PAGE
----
Tinariwen brings message of peace from African desert
April 20, 2017 12:00 AM
North African band Tinariwen.
By Scott Mervis / Pittsburgh Post-Gazette
Talk about desert trips …
In the early ‘00s, Tinariwen emerged from the Saharan mountain region of northern Mali as a surprise indie sensation with a taut, intense sound blending traditional Tuareg polyrhythms with guitar-driven western rock.
Where: Carnegie of Homestead Music Hall, Munhall.
When: 8 p.m. Friday.
Tickets: $24/$45; ticketfly.com.
The group, which plays the Carnegie of Homestead Music Hall Friday, was founded in 1979 by Ibrahim Ag Alhabib, who as a child witnessed the death of his Tuareg rebel father during a 1963 conflict between the nomadic Tuareg people and the newly independent state of Mali.
A few years later, inspired by Roy Orbison in the 1967 western “The Fastest Guitar Alive,” he built his own guitar with a tin can, a stick and bicycle wire. It would take another decade before he got his first real acoustic guitar and founded a collective of poets and musicians among other Tuareg rebels inspired by everything from Moroccan protest music to Led Zeppelin and Jimi Hendrix. They acquired the name Tinariwen, translating to “The Desert Boys.”
Their recording efforts began with homemade cassettes of songs in their native Tamashek confronting the hardships of the displaced Tuareg people, who have sought freedom to travel northern Africa without borders. By the late ‘90s, Tinariwen became musical road warriors and, in 2001, became the first Saharan group to play Europe, performing at the WOMAD and Roskilde festivals while also releasing their first international album, “The Radio Tisdas Sessions.” With stops at Glastonbury and Coachella and the release of 2004’s “Amassakoul” (“The Traveller”) and 2007’s “Aman Iman” (“Water Is Life”), the band won fans among Carlos Santana, Robert Plant, Bono and Brian Eno.
In 2010, Tinariwen toured the U.S. and the next year issued a fifth album, “Tassili,” that featured guest spots by Nels Cline, The Dirty Dozen Brass Band and TV on the Radio, earning the Grammy for Best World Music Album.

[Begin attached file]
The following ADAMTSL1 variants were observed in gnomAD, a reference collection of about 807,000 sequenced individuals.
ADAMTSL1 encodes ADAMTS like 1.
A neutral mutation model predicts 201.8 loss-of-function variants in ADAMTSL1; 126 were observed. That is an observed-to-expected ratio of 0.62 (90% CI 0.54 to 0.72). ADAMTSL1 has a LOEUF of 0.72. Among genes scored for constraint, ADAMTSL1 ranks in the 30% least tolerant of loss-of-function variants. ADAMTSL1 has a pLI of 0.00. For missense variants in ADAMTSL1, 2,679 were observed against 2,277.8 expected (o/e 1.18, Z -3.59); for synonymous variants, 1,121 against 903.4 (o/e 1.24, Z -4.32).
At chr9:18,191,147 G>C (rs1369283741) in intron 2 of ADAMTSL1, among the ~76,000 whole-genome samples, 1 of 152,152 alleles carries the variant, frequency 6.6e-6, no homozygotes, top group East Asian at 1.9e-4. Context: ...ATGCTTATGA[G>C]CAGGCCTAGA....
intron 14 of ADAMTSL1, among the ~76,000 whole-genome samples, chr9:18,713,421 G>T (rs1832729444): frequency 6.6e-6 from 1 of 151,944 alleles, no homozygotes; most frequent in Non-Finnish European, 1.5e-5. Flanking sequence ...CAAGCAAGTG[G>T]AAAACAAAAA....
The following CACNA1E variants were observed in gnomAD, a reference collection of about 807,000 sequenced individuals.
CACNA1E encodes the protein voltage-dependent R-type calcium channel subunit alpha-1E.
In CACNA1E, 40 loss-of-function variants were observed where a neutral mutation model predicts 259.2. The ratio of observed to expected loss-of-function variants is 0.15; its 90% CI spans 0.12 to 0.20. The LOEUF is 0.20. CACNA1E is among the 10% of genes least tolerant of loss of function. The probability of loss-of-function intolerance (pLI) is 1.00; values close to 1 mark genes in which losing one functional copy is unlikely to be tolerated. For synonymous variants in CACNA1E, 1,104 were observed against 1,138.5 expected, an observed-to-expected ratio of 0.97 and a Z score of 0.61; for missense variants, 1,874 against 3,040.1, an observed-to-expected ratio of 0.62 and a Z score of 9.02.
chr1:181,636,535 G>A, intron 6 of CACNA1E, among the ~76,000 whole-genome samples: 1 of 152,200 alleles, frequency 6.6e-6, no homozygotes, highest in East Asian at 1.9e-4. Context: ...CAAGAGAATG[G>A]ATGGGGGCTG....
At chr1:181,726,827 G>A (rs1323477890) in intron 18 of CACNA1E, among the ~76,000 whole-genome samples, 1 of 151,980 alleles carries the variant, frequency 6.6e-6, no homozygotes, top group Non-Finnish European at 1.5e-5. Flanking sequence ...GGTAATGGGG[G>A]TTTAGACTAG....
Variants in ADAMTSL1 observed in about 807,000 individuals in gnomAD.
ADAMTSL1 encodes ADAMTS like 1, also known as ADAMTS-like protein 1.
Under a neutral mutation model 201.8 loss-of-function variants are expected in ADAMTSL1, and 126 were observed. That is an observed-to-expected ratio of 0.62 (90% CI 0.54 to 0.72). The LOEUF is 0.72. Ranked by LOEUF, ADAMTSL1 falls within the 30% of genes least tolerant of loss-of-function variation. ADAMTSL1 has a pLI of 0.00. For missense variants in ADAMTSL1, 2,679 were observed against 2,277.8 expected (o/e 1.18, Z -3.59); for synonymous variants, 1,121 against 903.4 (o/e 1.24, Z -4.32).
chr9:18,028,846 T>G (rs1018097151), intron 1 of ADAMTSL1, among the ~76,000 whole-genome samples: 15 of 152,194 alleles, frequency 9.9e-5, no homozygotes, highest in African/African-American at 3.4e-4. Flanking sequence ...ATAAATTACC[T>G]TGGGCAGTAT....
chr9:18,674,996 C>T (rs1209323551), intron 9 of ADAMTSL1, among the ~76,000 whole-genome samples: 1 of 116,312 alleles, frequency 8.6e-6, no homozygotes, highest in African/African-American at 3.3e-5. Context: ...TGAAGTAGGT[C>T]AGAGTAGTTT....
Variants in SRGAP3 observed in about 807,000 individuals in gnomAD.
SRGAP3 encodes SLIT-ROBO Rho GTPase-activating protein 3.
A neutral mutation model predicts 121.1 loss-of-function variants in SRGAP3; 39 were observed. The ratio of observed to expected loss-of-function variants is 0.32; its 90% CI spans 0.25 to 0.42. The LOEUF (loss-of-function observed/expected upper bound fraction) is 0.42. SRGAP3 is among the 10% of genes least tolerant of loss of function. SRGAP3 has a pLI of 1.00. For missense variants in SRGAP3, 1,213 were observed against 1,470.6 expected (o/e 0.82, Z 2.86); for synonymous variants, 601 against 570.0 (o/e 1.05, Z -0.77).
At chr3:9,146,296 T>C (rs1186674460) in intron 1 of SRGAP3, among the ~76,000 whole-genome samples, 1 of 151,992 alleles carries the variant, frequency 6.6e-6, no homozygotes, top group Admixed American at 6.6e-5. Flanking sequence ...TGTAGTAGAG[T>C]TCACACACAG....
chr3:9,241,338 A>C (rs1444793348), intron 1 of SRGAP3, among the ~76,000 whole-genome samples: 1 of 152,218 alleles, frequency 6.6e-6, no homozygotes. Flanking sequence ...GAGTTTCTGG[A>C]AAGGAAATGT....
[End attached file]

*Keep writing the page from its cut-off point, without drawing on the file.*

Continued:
Tinariwen was born amid conflict and has never escaped it. At various points, Tinariwen members have been recruited as soldiers, both for Gaddafi’s Libyan government and as Tuareg rebels. In August 2012, Tinariwen was targeted by the militant Islamist group Ansar Dine, which demanded the removal of “Satan’s music” in northern Mali, and in January 2013 Abdallah Ag Lamida was abducted by the group and held for a few weeks.
The group’s 2014 album, “Emmaar” (“the heat on the breeze”), recorded in and around Joshua Tree National Park, dealt with the exile from its home country, and what follows is “Elwan” (“Elephants”), recorded at Joshua Tree and in southern Morocco.
Addressing the album’s message, guitarist Abdallah Ag Alhousseyni, said via an email translator, “Since our beginning we are giving some messages [to] our population to keep a way to understand the situation and to help to keep our spirit open for a peace in the world!” (Virtually every thought ends with an exclamation point.)
“Elwan” features contributions from Kurt Vile, Matt Sweeney, Alain Johannes and Mark Lanegan, who weave into the sound without calling much attention to themselves.
“They are friends of friends,” the guitarist noted, “so we got the opportunity to meet them and we found pleasure to play one time together. A big help they bring to us as they are so popular, so this is a great opportunity. The most important reason is each one likes the music we are playing!”
Tinariwen, said bassist Eyadou Ag Leche, is based in the Azawad part of Mali, where “most of it is the traditional music we are living [with] in our camps, we have there all the process from the tradition to the contemporary life!”
In a political climate where moving around the world has gotten tougher, he said Tinariwen is accepted wherever they go.
“We are touring a long time now,” the bassist said, “[so] the world situation does not affect us too much…as we could always travel everywhere, with visas, of course, but never has a country refused us. We think all institutions know our way, how we are giving some interest for the world population and to exchange our opinion about the situation in general.”
The group is treated “very well in general” in its travels throughout the United States, Ag Leche said, “we could feel a great curiosity!”
Asked about the evolution of Tinariwen over the decades, he noted, “At the beginning, it was a success adventure, during exile….. We were young; now we [can] feel all the power in our music and history and have a strong reason to be together still! [We’re] very happy to have enough time in our life to feel this good balance!”
Scott Mervis: firstname.lastname@example.org; 412-263-2576.
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